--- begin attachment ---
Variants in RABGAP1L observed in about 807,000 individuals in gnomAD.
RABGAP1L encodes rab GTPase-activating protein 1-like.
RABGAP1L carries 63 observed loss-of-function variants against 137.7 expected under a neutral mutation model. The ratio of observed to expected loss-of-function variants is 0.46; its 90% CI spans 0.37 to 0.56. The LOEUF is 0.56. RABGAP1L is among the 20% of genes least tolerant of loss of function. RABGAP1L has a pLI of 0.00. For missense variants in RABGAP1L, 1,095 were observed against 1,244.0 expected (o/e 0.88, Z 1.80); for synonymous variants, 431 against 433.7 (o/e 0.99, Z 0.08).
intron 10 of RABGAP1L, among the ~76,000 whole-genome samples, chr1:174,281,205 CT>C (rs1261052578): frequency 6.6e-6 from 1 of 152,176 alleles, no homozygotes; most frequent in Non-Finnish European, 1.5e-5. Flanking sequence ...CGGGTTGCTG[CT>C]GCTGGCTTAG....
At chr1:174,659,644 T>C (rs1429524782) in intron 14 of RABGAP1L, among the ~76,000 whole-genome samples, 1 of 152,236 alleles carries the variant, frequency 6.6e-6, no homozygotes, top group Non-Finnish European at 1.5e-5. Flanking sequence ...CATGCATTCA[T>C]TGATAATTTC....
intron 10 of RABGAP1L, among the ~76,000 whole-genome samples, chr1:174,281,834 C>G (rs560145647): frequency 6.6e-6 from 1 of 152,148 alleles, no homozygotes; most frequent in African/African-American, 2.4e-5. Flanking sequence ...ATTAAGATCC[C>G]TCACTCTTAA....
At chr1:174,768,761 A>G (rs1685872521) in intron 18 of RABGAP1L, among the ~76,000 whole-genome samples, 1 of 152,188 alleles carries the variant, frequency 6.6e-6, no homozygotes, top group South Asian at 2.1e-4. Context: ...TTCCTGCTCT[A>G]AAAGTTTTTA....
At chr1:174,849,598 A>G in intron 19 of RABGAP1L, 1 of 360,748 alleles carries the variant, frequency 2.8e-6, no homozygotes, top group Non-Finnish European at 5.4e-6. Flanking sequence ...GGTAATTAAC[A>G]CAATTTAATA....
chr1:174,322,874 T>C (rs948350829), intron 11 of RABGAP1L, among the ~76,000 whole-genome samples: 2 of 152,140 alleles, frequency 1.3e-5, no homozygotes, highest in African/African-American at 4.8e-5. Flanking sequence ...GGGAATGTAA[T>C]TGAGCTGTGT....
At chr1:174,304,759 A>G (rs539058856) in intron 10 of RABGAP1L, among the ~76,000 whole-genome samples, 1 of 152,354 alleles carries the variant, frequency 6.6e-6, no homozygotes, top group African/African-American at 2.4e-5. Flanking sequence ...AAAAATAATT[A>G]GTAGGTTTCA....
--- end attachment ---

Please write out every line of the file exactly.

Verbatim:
Variants in RABGAP1L observed in about 807,000 individuals in gnomAD.
RABGAP1L encodes rab GTPase-activating protein 1-like.
RABGAP1L carries 63 observed loss-of-function variants against 137.7 expected under a neutral mutation model. The ratio of observed to expected loss-of-function variants is 0.46; its 90% CI spans 0.37 to 0.56. The LOEUF is 0.56. RABGAP1L is among the 20% of genes least tolerant of loss of function. RABGAP1L has a pLI of 0.00. For missense variants in RABGAP1L, 1,095 were observed against 1,244.0 expected (o/e 0.88, Z 1.80); for synonymous variants, 431 against 433.7 (o/e 0.99, Z 0.08).
intron 10 of RABGAP1L, among the ~76,000 whole-genome samples, chr1:174,281,205 CT>C (rs1261052578): frequency 6.6e-6 from 1 of 152,176 alleles, no homozygotes; most frequent in Non-Finnish European, 1.5e-5. Flanking sequence ...CGGGTTGCTG[CT>C]GCTGGCTTAG....
At chr1:174,659,644 T>C (rs1429524782) in intron 14 of RABGAP1L, among the ~76,000 whole-genome samples, 1 of 152,236 alleles carries the variant, frequency 6.6e-6, no homozygotes, top group Non-Finnish European at 1.5e-5. Flanking sequence ...CATGCATTCA[T>C]TGATAATTTC....
intron 10 of RABGAP1L, among the ~76,000 whole-genome samples, chr1:174,281,834 C>G (rs560145647): frequency 6.6e-6 from 1 of 152,148 alleles, no homozygotes; most frequent in African/African-American, 2.4e-5. Flanking sequence ...ATTAAGATCC[C>G]TCACTCTTAA....
At chr1:174,768,761 A>G (rs1685872521) in intron 18 of RABGAP1L, among the ~76,000 whole-genome samples, 1 of 152,188 alleles carries the variant, frequency 6.6e-6, no homozygotes, top group South Asian at 2.1e-4. Context: ...TTCCTGCTCT[A>G]AAAGTTTTTA....
At chr1:174,849,598 A>G in intron 19 of RABGAP1L, 1 of 360,748 alleles carries the variant, frequency 2.8e-6, no homozygotes, top group Non-Finnish European at 5.4e-6. Flanking sequence ...GGTAATTAAC[A>G]CAATTTAATA....
chr1:174,322,874 T>C (rs948350829), intron 11 of RABGAP1L, among the ~76,000 whole-genome samples: 2 of 152,140 alleles, frequency 1.3e-5, no homozygotes, highest in African/African-American at 4.8e-5. Flanking sequence ...GGGAATGTAA[T>C]TGAGCTGTGT....
At chr1:174,304,759 A>G (rs539058856) in intron 10 of RABGAP1L, among the ~76,000 whole-genome samples, 1 of 152,354 alleles carries the variant, frequency 6.6e-6, no homozygotes, top group African/African-American at 2.4e-5. Flanking sequence ...AAAAATAATT[A>G]GTAGGTTTCA....